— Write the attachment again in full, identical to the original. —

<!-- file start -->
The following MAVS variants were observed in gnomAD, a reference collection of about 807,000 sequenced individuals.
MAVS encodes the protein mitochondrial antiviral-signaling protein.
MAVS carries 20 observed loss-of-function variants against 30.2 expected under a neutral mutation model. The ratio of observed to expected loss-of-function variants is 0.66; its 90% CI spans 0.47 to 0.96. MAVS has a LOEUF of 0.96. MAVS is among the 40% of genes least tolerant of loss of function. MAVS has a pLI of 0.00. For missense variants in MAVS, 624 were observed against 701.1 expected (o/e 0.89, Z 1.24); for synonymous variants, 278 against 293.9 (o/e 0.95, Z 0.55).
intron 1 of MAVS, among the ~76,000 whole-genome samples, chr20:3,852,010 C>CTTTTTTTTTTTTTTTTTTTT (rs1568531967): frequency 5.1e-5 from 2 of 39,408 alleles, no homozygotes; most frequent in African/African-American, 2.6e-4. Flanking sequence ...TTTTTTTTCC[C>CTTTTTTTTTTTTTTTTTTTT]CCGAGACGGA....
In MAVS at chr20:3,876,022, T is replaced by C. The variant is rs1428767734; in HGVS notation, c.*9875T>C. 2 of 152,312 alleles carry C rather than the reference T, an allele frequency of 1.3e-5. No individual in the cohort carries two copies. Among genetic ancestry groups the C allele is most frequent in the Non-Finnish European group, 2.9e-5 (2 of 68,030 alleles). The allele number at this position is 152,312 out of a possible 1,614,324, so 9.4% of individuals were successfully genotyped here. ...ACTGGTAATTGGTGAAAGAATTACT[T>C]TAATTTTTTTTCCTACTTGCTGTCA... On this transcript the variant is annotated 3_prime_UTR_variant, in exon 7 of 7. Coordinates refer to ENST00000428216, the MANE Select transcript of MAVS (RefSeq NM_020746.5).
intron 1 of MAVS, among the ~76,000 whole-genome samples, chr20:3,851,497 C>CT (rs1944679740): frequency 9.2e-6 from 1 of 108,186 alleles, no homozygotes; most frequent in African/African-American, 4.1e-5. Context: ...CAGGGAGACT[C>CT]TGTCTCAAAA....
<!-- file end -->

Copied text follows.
The following MAVS variants were observed in gnomAD, a reference collection of about 807,000 sequenced individuals.
MAVS encodes the protein mitochondrial antiviral-signaling protein.
MAVS carries 20 observed loss-of-function variants against 30.2 expected under a neutral mutation model. The ratio of observed to expected loss-of-function variants is 0.66; its 90% CI spans 0.47 to 0.96. MAVS has a LOEUF of 0.96. MAVS is among the 40% of genes least tolerant of loss of function. MAVS has a pLI of 0.00. For missense variants in MAVS, 624 were observed against 701.1 expected (o/e 0.89, Z 1.24); for synonymous variants, 278 against 293.9 (o/e 0.95, Z 0.55).
intron 1 of MAVS, among the ~76,000 whole-genome samples, chr20:3,852,010 C>CTTTTTTTTTTTTTTTTTTTT (rs1568531967): frequency 5.1e-5 from 2 of 39,408 alleles, no homozygotes; most frequent in African/African-American, 2.6e-4. Flanking sequence ...TTTTTTTTCC[C>CTTTTTTTTTTTTTTTTTTTT]CCGAGACGGA....
In MAVS at chr20:3,876,022, T is replaced by C. The variant is rs1428767734; in HGVS notation, c.*9875T>C. 2 of 152,312 alleles carry C rather than the reference T, an allele frequency of 1.3e-5. No individual in the cohort carries two copies. Among genetic ancestry groups the C allele is most frequent in the Non-Finnish European group, 2.9e-5 (2 of 68,030 alleles). The allele number at this position is 152,312 out of a possible 1,614,324, so 9.4% of individuals were successfully genotyped here. ...ACTGGTAATTGGTGAAAGAATTACT[T>C]TAATTTTTTTTCCTACTTGCTGTCA... On this transcript the variant is annotated 3_prime_UTR_variant, in exon 7 of 7. Coordinates refer to ENST00000428216, the MANE Select transcript of MAVS (RefSeq NM_020746.5).
intron 1 of MAVS, among the ~76,000 whole-genome samples, chr20:3,851,497 C>CT (rs1944679740): frequency 9.2e-6 from 1 of 108,186 alleles, no homozygotes; most frequent in African/African-American, 4.1e-5. Context: ...CAGGGAGACT[C>CT]TGTCTCAAAA....